Monday, March 22, 2021

There Is No Perfect Job

When we switched from an independent contractor to an employee job model, a huge weight was lifted off our shoulders. The constant threat of insurance and Medicare reimbursement cuts no longer fell directly on the group. The fluctuating caseloads in the OR during a pandemic made less of an impact on our individual incomes. We thought we had found the formula for the perfect job.

Going in, we weren't just wearing rose-colored glasses. We knew that employed physicians typically made less money than fee for service. This is borne out every year in Medscape's physician compensation survey. But the picture is more complicated than a simple graph.

As independent contractors, we worked as much or as little as we wanted. Some people who wanted a large income could slave away every night and weekend to make a ton of money, far higher than the average anesthesiologist's income in the survey. Others desired more free time and worked less, making much less than the survey average. But those were the choices each individual made for themselves. Now that is no longer an option.

The hospital is paying each of us for a contractually determined number of working hours per day. The ability to leave early because you feel like going outside to absorb some of that bright California sunshine is not permissible. If you finish your OR lineup early, they'll find other cases for you to do until you've fulfilled your work hours for the day. You can't just walk out and refuse to do more work. You're an employee now with expectations of how an employee needs to behave in a workplace. If there really is no other cases in the OR pending, then you can be dismissed early, but that is a rarity.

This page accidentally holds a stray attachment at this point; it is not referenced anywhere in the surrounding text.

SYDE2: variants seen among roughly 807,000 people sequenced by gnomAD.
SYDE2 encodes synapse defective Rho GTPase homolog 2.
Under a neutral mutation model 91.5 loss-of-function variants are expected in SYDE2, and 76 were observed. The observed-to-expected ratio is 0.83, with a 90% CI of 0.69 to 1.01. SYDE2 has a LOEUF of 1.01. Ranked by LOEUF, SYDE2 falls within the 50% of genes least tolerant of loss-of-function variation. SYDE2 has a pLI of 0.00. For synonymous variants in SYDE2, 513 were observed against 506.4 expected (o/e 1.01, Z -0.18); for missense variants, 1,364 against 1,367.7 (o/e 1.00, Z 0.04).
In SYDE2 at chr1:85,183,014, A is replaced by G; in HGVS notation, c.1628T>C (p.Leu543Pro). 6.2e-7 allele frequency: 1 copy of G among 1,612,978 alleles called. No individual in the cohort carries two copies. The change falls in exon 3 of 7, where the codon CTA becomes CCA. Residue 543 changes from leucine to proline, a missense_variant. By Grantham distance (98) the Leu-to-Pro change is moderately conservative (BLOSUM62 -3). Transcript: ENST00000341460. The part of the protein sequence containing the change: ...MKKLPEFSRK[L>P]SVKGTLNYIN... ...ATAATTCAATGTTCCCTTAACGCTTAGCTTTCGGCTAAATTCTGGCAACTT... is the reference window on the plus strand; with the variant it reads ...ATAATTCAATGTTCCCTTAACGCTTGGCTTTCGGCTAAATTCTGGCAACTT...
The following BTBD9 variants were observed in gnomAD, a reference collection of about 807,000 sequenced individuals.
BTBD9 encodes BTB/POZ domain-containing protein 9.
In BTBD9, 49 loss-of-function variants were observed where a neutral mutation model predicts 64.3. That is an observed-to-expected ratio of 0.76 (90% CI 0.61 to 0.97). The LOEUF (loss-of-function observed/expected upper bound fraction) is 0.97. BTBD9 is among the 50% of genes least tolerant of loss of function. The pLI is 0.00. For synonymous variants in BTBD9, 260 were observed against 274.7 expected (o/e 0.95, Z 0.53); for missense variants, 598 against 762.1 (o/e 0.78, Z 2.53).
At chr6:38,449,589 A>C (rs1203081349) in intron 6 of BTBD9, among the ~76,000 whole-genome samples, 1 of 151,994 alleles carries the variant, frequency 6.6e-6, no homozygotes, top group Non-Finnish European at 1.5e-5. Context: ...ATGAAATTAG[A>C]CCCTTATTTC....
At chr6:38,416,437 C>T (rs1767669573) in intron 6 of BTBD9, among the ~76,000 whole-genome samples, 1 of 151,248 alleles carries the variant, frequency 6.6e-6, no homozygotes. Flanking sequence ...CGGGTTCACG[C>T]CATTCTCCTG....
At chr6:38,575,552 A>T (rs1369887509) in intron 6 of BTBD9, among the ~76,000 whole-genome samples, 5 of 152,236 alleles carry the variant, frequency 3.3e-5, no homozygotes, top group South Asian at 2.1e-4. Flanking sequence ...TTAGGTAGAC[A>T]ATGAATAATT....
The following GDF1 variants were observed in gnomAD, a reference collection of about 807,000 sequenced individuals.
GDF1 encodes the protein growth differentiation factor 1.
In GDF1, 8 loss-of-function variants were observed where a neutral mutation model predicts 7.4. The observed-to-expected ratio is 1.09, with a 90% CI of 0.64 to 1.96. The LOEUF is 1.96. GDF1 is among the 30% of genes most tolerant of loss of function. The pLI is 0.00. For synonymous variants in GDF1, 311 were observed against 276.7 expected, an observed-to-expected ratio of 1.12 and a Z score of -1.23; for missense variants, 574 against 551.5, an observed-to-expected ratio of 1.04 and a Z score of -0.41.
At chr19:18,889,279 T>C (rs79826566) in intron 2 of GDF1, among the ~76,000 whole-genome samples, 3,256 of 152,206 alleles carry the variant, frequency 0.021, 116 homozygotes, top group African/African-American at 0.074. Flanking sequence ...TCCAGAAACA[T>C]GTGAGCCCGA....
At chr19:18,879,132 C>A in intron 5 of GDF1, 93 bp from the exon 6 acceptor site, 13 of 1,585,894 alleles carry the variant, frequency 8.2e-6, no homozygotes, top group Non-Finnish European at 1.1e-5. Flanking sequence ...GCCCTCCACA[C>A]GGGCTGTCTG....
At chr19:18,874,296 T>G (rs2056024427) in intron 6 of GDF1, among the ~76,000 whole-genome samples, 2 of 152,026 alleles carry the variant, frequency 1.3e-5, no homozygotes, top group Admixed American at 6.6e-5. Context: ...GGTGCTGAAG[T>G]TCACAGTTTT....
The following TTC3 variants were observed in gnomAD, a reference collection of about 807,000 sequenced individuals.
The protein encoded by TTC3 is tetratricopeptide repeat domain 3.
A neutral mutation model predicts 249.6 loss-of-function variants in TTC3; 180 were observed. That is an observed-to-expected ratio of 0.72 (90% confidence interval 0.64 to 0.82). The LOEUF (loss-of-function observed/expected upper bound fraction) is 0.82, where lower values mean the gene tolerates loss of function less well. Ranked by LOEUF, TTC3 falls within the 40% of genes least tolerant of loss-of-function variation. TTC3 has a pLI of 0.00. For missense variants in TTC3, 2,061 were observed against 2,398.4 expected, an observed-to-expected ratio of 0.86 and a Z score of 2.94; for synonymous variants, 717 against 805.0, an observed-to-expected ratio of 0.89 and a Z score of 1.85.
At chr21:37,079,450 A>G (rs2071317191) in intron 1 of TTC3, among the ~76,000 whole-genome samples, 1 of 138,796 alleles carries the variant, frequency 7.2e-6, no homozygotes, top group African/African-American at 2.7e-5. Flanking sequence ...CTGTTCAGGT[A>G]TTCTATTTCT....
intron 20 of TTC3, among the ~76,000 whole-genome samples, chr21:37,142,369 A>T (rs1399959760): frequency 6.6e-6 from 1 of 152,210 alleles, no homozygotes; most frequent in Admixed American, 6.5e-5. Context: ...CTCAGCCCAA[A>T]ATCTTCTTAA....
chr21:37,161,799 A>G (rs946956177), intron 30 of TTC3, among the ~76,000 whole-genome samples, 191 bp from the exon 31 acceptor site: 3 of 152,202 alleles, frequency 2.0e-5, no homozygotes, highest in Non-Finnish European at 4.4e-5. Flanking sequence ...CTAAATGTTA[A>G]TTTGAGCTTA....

The flip side is that somebody who wants to work longer hours to make more money also can't do that. After you've filled your quota of hours for the day, they almost push you out the door so they don't have to pay overtime. Therefore your income ceiling is much lower than before. Everybody's income in the department has narrowed closer to parity.

This loss of individual choice was very difficult to adjust to and I've yet to fully come to grips with it myself. When doctors say they don't want to lose their independence, this is what they mean. Suddenly people are telling you when and how you can work.

I've also noticed a new psychology at work that I never experienced before when I was working for myself. I was often amused before about how nurses frequently say they only have another so many hours or minutes to go before the end of their shift. I thought to myself how nice it was that there is a definite end to their workday. After we switched over, I started behaving the same way. When they want to add another case to my room late in the afternoon, I no longer get riled up about it. I just look at the clock to see how close to finishing I am and thank my lucky stars I'm not the one who will be stuck doing this five hour spine case the rest of the night.  

Those aren't even the biggest changes we've experienced since becoming hospital employees. The more predictable daily hours and generous benefits are wonderful. However there's a price for all this largess; the hospital expects something in return for taking us in and providing these benefits.

Suddenly hiring a large number of anesthesiologists added a huge chunk of money to their payroll expenses. In order for it to work out economically, the hospital decided that they wanted to move to an anesthesia care team model. In other words, we now work with CRNA's. And that, my MD/DO anesthesia friends, has been an eye opener.

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